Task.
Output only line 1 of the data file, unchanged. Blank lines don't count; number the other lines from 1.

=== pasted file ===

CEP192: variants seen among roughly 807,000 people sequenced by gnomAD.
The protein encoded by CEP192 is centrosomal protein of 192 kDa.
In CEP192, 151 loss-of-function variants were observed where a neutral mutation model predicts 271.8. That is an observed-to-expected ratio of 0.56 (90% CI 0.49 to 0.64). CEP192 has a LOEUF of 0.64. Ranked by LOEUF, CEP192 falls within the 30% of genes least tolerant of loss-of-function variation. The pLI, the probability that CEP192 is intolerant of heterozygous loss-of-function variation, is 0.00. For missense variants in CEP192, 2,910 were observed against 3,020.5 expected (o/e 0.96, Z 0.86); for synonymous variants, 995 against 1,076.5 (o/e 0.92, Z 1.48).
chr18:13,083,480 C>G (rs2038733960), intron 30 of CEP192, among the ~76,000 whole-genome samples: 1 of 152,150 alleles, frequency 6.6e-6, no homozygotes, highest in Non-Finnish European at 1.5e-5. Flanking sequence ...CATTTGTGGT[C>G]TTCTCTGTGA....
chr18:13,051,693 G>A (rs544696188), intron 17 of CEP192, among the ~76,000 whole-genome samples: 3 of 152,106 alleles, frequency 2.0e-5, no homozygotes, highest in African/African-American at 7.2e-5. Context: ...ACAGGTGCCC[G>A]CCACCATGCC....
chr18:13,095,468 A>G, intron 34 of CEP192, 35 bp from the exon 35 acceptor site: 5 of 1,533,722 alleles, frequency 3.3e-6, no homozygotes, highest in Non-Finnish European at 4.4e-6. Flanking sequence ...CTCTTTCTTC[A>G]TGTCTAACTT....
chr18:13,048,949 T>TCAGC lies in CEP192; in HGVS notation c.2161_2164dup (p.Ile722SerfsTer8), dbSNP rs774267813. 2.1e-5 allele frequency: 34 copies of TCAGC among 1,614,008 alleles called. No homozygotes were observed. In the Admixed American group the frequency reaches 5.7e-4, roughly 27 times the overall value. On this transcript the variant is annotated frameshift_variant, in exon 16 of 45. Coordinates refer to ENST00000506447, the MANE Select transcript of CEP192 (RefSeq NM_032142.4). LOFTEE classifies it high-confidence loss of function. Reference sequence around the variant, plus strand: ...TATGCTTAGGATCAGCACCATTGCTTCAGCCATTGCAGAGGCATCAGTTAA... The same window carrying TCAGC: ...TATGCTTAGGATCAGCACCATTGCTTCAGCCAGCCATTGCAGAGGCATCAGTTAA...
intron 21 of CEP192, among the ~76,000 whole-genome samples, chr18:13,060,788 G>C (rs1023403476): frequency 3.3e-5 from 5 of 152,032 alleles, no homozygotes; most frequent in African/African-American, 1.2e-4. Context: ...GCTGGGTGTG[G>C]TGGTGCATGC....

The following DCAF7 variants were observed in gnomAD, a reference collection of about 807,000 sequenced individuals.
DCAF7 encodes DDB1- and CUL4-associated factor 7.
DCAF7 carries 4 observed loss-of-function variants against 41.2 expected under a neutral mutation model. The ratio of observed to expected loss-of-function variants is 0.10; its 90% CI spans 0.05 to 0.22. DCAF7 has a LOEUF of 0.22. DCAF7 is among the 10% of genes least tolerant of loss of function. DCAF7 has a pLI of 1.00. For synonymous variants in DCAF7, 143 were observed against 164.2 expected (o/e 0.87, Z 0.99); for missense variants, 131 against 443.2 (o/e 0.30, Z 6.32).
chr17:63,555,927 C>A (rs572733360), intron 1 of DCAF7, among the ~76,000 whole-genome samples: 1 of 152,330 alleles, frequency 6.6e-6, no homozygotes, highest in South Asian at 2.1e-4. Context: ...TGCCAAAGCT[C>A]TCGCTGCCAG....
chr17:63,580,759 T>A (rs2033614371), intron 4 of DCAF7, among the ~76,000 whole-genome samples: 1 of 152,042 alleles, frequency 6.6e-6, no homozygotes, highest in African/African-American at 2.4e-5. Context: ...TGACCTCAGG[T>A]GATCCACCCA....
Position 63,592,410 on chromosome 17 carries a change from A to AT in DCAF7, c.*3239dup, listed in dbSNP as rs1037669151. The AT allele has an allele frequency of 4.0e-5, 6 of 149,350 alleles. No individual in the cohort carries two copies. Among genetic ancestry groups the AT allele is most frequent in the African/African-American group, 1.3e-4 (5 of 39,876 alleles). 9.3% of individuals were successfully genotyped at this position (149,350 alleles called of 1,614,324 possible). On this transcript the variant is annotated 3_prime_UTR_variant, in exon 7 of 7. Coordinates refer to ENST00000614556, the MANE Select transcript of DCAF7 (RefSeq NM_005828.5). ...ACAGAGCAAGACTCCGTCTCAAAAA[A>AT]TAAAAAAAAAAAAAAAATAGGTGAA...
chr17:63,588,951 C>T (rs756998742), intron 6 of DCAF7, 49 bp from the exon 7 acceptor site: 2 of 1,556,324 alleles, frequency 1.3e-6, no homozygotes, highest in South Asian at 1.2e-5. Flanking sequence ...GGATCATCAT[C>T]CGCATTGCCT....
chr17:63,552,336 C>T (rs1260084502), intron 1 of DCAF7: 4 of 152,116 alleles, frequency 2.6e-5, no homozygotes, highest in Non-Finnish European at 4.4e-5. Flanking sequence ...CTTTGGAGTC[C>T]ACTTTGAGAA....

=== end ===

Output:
CEP192: variants seen among roughly 807,000 people sequenced by gnomAD.